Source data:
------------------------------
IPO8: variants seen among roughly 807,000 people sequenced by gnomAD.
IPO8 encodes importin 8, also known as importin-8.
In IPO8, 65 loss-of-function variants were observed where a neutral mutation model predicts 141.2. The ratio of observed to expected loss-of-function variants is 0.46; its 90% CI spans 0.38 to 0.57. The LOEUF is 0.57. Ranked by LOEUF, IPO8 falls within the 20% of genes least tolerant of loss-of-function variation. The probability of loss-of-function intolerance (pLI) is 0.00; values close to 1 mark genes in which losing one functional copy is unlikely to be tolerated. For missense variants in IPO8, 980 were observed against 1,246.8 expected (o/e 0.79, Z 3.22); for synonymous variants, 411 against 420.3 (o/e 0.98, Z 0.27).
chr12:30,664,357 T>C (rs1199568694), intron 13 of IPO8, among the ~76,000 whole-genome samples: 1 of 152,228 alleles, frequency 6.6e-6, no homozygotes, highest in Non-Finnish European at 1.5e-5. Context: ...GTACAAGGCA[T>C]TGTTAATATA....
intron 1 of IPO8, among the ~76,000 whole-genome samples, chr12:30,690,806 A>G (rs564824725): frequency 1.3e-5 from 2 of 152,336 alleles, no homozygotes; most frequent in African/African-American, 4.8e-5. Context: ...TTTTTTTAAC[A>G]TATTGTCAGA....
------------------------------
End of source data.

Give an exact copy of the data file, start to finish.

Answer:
IPO8: variants seen among roughly 807,000 people sequenced by gnomAD.
IPO8 encodes importin 8, also known as importin-8.
In IPO8, 65 loss-of-function variants were observed where a neutral mutation model predicts 141.2. The ratio of observed to expected loss-of-function variants is 0.46; its 90% CI spans 0.38 to 0.57. The LOEUF is 0.57. Ranked by LOEUF, IPO8 falls within the 20% of genes least tolerant of loss-of-function variation. The probability of loss-of-function intolerance (pLI) is 0.00; values close to 1 mark genes in which losing one functional copy is unlikely to be tolerated. For missense variants in IPO8, 980 were observed against 1,246.8 expected (o/e 0.79, Z 3.22); for synonymous variants, 411 against 420.3 (o/e 0.98, Z 0.27).
chr12:30,664,357 T>C (rs1199568694), intron 13 of IPO8, among the ~76,000 whole-genome samples: 1 of 152,228 alleles, frequency 6.6e-6, no homozygotes, highest in Non-Finnish European at 1.5e-5. Context: ...GTACAAGGCA[T>C]TGTTAATATA....
intron 1 of IPO8, among the ~76,000 whole-genome samples, chr12:30,690,806 A>G (rs564824725): frequency 1.3e-5 from 2 of 152,336 alleles, no homozygotes; most frequent in African/African-American, 4.8e-5. Context: ...TTTTTTTAAC[A>G]TATTGTCAGA....